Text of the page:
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KP: Shift responsibilities to upstream manufacturers

Healthcare giant Kaiser Permanente has spent years learning new ways to investigate, screen and buy medical products that don’t expose its thousands of hospital patients to harmful industrial chemicals.

But officials of the Oakland-based non-for-profit health plan say they would rather see more choices that are safe in the first place.

“We spend billions of dollars every year on products. Yet we suffer the same problems that individual consumers face as they try to buy products that don’t contain harmful chemicals,” said KathyGerwig, Kaiser Permanente's vice president for employee safety, health and wellness and environmental stewardship officer. “We want to shift the burden of assessing what is safe from downstream users like us to upstream manufacturers.”

The Department of Toxic Substances Control (DTSC) aims to do exactly that with its draft Safer Consumer Products Regulations scheduled to be finalized in 2012. The regulations will require manufacturers of selected products sold in California to identify safer alternatives to a potential range of 3,000 chemicals known to be harmful to public health and the environment.

“We see DTSC’s regulations as moving in the right direction, in promoting a healthy economy, healthy environment and healthy people,” Gerwig told the Assembly Committee on Environmental Safety and Toxic Materials at a December 2011 hearing in Sacramento.

Kaiser Permanente, with 36 hospitals, 15,853 doctors and 8.9 million members, is nationally recognized as a medical industry trailblazer in safer products. The Oakland organization created a Sustainability Scorecard in 2010 to help find greener alternatives for the $1 billion in medical products it buys each year. The scorecard inspired nonprofit Practice Greenhealth to work with five large purchasing organizations, creating a tool helping health care providers with $135 billion in purchasing power press suppliers for medical products with safer chemicals. Recently, Kaiser Permanente announced that its annual purchases of 9.2 million IV solution bags will be 100 percent free of polyvinyl chloride (PVC) and di(2-ethylhexyl) (DEHP). Its 4.9 million IV plastic tubing sets will also be free of DEHP. Both ingredients, widely used in medical equipment, have been shown to be harmful to health.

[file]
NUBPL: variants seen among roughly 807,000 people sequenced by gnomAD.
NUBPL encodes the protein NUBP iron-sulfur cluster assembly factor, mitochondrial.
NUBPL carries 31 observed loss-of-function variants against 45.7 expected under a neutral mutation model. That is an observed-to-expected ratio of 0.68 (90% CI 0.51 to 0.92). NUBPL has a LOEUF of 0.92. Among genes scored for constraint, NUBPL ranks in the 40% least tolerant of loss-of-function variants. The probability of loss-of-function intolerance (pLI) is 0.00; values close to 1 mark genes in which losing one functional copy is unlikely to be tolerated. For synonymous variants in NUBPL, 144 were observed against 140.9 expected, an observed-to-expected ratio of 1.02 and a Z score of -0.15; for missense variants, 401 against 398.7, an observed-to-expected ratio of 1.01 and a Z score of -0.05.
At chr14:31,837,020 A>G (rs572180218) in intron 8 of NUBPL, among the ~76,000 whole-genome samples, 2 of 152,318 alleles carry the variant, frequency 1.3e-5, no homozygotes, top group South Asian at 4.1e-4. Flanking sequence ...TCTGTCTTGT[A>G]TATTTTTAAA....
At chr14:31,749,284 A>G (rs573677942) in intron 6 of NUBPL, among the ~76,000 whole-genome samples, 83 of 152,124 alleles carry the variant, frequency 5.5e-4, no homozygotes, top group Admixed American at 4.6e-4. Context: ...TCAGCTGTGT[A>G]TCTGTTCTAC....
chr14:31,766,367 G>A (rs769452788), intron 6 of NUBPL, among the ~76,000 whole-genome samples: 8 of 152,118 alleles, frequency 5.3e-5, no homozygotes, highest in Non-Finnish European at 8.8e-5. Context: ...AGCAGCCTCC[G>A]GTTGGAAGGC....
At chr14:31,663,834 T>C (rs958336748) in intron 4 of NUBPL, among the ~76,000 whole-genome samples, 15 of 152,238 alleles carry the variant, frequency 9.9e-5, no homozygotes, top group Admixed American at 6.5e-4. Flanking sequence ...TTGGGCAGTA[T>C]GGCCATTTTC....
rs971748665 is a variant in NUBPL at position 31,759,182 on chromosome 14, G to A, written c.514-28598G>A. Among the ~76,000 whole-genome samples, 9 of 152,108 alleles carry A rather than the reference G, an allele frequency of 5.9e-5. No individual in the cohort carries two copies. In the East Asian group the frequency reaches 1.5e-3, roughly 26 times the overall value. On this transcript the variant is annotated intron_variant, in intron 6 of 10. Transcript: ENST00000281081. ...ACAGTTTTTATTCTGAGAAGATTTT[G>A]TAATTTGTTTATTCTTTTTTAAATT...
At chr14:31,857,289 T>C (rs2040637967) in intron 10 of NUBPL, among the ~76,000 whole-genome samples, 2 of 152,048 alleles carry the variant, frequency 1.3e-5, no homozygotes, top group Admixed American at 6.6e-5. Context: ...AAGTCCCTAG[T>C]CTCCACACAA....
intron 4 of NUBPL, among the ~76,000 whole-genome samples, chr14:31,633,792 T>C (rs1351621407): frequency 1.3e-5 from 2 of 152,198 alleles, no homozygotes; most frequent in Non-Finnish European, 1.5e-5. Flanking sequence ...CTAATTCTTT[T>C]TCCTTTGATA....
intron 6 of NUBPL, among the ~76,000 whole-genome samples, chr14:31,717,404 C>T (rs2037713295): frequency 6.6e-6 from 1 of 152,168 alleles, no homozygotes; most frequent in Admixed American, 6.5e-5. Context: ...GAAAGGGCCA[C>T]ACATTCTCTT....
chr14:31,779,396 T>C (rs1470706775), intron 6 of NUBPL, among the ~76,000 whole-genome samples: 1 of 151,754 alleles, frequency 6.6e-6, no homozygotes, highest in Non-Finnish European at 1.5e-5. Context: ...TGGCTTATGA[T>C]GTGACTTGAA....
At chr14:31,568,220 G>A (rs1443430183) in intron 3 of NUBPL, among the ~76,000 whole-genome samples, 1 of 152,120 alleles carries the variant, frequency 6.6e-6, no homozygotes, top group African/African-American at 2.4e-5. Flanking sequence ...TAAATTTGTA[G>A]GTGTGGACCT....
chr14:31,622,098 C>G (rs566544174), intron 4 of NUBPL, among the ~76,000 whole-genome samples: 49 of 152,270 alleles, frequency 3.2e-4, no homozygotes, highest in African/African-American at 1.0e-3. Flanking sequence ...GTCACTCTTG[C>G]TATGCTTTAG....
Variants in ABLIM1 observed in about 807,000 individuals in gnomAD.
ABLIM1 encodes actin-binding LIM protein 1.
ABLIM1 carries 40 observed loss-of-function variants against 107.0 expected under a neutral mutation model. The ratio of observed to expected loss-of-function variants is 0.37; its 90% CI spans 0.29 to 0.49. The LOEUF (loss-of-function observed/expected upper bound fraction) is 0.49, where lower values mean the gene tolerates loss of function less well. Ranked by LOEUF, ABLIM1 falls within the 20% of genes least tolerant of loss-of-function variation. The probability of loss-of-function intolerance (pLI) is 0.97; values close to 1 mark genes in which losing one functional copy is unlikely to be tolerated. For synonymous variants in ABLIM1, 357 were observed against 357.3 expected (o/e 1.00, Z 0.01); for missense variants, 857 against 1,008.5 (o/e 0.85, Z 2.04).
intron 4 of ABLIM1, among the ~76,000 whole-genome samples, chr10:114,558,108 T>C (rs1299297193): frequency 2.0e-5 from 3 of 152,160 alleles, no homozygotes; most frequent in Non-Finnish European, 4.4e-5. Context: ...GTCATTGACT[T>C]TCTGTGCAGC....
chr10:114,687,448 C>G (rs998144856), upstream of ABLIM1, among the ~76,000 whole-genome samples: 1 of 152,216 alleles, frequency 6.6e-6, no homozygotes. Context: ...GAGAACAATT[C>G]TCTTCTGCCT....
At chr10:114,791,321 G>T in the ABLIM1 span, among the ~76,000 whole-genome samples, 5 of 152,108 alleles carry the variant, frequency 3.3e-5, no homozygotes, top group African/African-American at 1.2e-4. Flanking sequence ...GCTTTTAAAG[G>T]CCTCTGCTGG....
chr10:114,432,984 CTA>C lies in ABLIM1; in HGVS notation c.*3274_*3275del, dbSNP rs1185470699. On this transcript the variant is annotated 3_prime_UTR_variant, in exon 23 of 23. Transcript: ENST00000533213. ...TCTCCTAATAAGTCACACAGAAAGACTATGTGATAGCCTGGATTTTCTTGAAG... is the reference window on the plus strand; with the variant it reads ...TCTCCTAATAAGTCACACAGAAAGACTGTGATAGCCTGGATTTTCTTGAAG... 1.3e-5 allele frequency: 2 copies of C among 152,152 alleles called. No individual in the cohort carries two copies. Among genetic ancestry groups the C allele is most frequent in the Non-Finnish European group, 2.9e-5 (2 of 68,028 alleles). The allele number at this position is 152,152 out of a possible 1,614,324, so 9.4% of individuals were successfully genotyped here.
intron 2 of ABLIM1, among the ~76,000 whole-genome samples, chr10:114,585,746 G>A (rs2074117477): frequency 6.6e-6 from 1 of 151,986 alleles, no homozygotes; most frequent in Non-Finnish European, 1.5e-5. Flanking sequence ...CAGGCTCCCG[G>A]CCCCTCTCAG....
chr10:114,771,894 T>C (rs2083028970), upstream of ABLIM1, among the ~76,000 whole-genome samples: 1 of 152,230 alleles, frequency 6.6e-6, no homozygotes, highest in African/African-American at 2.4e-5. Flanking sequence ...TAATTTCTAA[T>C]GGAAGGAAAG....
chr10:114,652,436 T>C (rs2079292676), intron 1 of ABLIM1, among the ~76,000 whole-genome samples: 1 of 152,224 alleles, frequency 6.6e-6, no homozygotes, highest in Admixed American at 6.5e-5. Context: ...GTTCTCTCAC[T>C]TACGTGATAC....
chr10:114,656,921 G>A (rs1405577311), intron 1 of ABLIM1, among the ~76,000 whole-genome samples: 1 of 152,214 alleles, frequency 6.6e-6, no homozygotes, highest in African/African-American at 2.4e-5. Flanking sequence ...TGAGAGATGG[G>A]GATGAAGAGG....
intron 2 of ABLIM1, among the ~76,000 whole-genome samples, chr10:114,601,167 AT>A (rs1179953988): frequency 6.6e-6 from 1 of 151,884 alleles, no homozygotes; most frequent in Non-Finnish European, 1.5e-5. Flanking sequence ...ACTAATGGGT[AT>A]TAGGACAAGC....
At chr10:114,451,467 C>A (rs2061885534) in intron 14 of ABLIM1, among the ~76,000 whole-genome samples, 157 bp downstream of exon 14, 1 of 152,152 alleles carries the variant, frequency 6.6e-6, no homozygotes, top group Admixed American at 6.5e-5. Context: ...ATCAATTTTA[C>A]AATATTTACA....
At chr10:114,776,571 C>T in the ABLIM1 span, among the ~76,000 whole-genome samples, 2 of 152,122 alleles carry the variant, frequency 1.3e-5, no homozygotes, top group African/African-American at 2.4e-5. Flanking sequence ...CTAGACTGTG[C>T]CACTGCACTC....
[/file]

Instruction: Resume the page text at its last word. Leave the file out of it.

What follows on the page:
The decision is expected to save Kaiser Permanente $5 million a year.

Kaiser Permanente’s procurement and supply teams have also selected exam gloves that are PVC-free and latex safe. It pushed suppliers to provide PVC-free carpet for its facilities and made itself 95 percent mercury free.

“Kaiser buys materials, as a consumer, that would benefit all sorts of businesses, not just the health care industry,” said Debbie Raphael, director of DTSC. “When Kaiser Permanente says, ‘We want a carpet without PVC backing, or we want tubing that doesn’t contain DEHP, they get what they’re looking for in the marketplace, and the rest of us benefit, as well.’”

“We’re proud of these accomplishments,” said Gerwig. “But we’d much rather have upstream manufacturers and others involved in the design and distribution of products ensure their product safety, so we don’t have to.”

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